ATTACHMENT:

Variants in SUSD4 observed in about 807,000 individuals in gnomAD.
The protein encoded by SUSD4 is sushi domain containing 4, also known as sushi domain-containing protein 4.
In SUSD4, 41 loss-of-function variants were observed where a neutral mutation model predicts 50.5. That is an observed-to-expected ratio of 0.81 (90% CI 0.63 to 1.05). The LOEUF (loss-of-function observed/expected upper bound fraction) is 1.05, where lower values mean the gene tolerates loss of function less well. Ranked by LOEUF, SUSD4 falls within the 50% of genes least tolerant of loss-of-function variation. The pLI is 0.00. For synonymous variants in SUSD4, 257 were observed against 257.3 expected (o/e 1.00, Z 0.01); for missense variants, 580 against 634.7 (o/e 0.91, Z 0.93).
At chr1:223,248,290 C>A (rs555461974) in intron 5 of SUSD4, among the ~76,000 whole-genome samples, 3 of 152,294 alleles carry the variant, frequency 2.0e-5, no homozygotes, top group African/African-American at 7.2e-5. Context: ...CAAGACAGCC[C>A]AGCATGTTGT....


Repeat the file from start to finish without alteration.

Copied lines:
Variants in SUSD4 observed in about 807,000 individuals in gnomAD.
The protein encoded by SUSD4 is sushi domain containing 4, also known as sushi domain-containing protein 4.
In SUSD4, 41 loss-of-function variants were observed where a neutral mutation model predicts 50.5. That is an observed-to-expected ratio of 0.81 (90% CI 0.63 to 1.05). The LOEUF (loss-of-function observed/expected upper bound fraction) is 1.05, where lower values mean the gene tolerates loss of function less well. Ranked by LOEUF, SUSD4 falls within the 50% of genes least tolerant of loss-of-function variation. The pLI is 0.00. For synonymous variants in SUSD4, 257 were observed against 257.3 expected (o/e 1.00, Z 0.01); for missense variants, 580 against 634.7 (o/e 0.91, Z 0.93).
At chr1:223,248,290 C>A (rs555461974) in intron 5 of SUSD4, among the ~76,000 whole-genome samples, 3 of 152,294 alleles carry the variant, frequency 2.0e-5, no homozygotes, top group African/African-American at 7.2e-5. Context: ...CAAGACAGCC[C>A]AGCATGTTGT....